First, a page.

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Fjord Coffee: Chasing the finest coffees with this Berlin based Coffeevine darling

Fjord Coffee: Chasing the finest coffees with this Berlin based Coffeevine darling

To mark the return of one of our all-time favourite roasters, I caught up with Fjord Coffee's new Marketing Manager Jordan Montgomery

Just like coffee roasters pour a lot of time and energy into cultivating relationships with their producers, here at The Coffeevine, we give a lot of TLC to our partnerships with our roasters.

Though we regularly feature new names from across the world, a large part of our seasonal offerings come from recurring roasters who we love. This builds longterm trust and allows us to showcase a particular roaster’s diverse coffee selection and evolution over time.

For the upcoming June 2022 Coffeevine box, we’ll be working with two newcomers, Good Life Coffee from Helsinki and Cartwheel from Nottingham who will be joined by one of our all-time favourite Berlin-based roasters, Fjord Coffee.

I recall paying them a visit very early on when they had just started and having to fight my way through knee-high snow to get to their production space in Berlin Marzahn. At the time, they were mainly supplying their own cafés (Fjord originated as a joint venture between Silo Coffee and Father Carpenter) as well as a few others but Kresten Thogersen had reached out to ask if I was interested in putting them into one of my boxes. Having been a huge fan of their cafés for years, he didn’t have to ask twice.

Since then, Fjord has been featured a few times in my coffee boxes and next month will see them mark their latest Coffeevine feature with a stunning peaberry red Bourbon from Rwanda’s Ibisi washing station. 

To bring me up to speed with the most recent changes at Fjord, chat about new ventures and discuss this delicious coffee, I recently caught up with Jordan Montgomery who is Fjord’s Marketing Manager since a few months and who happens to be married to one of Germany’s most colourful and decorated baristas Nicole Battefeld-Montgomery.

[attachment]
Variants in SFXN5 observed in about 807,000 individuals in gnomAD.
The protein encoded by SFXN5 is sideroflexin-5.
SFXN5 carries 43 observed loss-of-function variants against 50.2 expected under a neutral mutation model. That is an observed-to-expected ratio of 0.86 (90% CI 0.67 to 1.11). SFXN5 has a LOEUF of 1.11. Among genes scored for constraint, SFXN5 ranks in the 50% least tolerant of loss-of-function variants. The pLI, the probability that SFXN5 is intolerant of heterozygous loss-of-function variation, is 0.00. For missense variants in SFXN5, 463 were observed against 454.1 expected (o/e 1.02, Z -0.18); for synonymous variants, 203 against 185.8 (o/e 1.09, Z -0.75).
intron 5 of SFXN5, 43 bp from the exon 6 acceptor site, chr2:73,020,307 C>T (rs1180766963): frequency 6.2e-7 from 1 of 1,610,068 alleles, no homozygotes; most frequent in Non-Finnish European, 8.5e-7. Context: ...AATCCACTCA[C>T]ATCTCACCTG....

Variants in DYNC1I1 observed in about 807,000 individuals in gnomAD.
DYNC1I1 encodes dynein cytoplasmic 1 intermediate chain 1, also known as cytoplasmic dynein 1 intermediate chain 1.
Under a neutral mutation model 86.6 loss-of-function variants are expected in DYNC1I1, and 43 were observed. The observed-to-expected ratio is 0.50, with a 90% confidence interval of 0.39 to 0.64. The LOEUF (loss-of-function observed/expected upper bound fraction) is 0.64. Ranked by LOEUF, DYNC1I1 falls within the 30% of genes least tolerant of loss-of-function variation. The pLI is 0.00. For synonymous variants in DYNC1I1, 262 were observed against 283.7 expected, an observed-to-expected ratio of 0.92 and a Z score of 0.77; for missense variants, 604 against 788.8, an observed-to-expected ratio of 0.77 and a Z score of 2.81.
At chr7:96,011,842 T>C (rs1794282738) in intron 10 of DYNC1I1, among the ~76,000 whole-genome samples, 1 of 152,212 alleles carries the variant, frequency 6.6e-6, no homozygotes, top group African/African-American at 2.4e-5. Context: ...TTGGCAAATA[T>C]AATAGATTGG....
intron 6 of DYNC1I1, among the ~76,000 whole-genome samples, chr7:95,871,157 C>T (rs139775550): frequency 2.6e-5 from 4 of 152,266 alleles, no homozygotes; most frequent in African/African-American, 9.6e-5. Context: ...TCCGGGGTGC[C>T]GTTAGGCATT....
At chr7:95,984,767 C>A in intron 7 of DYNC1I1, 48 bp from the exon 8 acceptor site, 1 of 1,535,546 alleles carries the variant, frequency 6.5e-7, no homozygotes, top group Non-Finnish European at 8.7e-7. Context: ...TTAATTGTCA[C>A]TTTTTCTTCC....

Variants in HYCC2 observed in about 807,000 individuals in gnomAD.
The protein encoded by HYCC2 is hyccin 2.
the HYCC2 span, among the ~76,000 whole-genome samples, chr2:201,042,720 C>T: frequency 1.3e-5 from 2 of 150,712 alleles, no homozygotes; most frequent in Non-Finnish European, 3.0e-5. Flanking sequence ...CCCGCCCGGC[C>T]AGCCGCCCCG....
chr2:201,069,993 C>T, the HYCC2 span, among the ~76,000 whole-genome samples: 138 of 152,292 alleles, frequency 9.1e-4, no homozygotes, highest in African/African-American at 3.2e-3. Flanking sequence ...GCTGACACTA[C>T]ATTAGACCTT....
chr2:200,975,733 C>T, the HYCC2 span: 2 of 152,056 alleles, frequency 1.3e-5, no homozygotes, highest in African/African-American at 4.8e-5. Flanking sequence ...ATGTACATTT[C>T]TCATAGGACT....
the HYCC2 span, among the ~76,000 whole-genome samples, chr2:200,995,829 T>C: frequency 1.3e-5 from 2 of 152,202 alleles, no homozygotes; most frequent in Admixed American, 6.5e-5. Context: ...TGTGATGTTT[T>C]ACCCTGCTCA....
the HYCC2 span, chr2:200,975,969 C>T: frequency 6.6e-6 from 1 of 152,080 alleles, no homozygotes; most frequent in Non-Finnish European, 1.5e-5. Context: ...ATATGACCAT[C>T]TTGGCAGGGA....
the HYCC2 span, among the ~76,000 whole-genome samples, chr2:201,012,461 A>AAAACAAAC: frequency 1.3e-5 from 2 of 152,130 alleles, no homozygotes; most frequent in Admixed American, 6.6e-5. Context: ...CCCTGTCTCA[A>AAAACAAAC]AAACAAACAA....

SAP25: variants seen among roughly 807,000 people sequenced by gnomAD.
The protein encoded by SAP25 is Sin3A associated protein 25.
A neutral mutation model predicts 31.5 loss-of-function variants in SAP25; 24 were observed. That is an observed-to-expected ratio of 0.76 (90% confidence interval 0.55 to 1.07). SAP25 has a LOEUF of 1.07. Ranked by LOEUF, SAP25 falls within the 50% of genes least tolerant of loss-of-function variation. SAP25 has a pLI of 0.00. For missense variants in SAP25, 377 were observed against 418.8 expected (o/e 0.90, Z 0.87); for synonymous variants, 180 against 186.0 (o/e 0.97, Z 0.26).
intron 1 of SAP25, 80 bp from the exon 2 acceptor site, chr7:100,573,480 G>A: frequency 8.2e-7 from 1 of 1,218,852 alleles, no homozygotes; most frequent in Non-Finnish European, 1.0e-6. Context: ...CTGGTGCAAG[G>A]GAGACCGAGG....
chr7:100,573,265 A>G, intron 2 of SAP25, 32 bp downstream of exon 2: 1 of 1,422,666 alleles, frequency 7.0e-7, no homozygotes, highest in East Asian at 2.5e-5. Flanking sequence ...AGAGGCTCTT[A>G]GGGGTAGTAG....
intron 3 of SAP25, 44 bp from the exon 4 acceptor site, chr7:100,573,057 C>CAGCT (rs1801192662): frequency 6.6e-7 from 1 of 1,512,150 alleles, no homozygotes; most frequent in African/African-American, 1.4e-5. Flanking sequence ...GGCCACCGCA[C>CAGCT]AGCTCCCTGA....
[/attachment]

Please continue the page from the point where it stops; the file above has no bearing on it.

Jordan, who is Australian, moved to Berlin during the pandemic after leaving his previous job at ONA Coffee (who will be the next guest roaster of our celebrated GEMS series and is headed by Sasa Sestic) in Canberra where he spent most of his career in specialty coffee. While still at high school, he was looking for a weekend job and found one at what was then called KONA Coffee. 

Once things started getting busier at the coffee shop, they eventually opened a second café and then a roastery. As Jordan recalled: “My positions there were just kind of all over the place. My role as a barista or whatever else, kind of grew with the growth of the business there. And then before I knew it, I had been working there for 11 years.”

“Before I went to Spain, Sasa told me that he knew I’d be back again one day and that I could come back and do whatever I wanted.”

In 2015, his girlfriend at the time – not Nicole –  and he decided to go abroad for a while to experience life in a different country, which led them to Madrid because his ex spoke Spanish. It was around that time that the local specialty coffee scene in Madrid started taking off too and he got a job at Madrid pioneers Toma Café while he was out there.

Also in 2015, Sasa became World Barista Champion after a few previous attempts and kindly being asked to stop competing. Proving everyone wrong, he eventually achieved his ultimate goal and then things just got wild at ONA and it was around that time that Jordan decided to move back to his homeland.

“Before I went to Spain, Sasa told me that he knew I’d be back again one day and that I could come back and do whatever I wanted,” Jordan said. “I was back to working in one of the cafés when Sasa came in one day and said ‘hey, what are you doing here? I want you to come and work in the office with me one or two days a week’. I asked: ‘You mean at the roastery?’ To which he said: ‘No, like creative stuff.’ That was pretty fun.”

After overcoming some initial struggles like trying to hunt down the missing Instagram account password for ONA and then going ahead and just self-publishing a cook book about ONA’s well-known brunches like you do, Jordan eventually took on more and more responsibilities for the marketing department, providing much necessary support during the company’s epic growth.

As chance would have it, however, it was during a visit to Hungary in support of his colleague Sam Corra’s World Brewers Cup performance that he first came across Nicole whose colourful tattoos and cool style immediately caught his eye. At the afterparty, Stephen Houston (of Bailies Coffee who won the Brewers Cup that year) introduced Nicole to Jordan and they immediately hit it off.

Today, the two are happily married and living in Berlin where Jordan joined Fjord Coffee as Marketing Manager and Nicole continues pursuing coffee compeitions and consulting for major brands like Rancillio.

It was an interesting time for Jordan to join the company as much had been changing behind the scenes and as the company has continued to grow, the founders have begun to pay more attention to their original ventures again. Berlin’s specialty coffee scene has, as almost every other scene, experienced fast growth during the last few years, something that was also accelerated by the pandemic. This makes it important for roasters like Fjord to continue to differentiate themselves further, increase quality and accessibility of their coffees.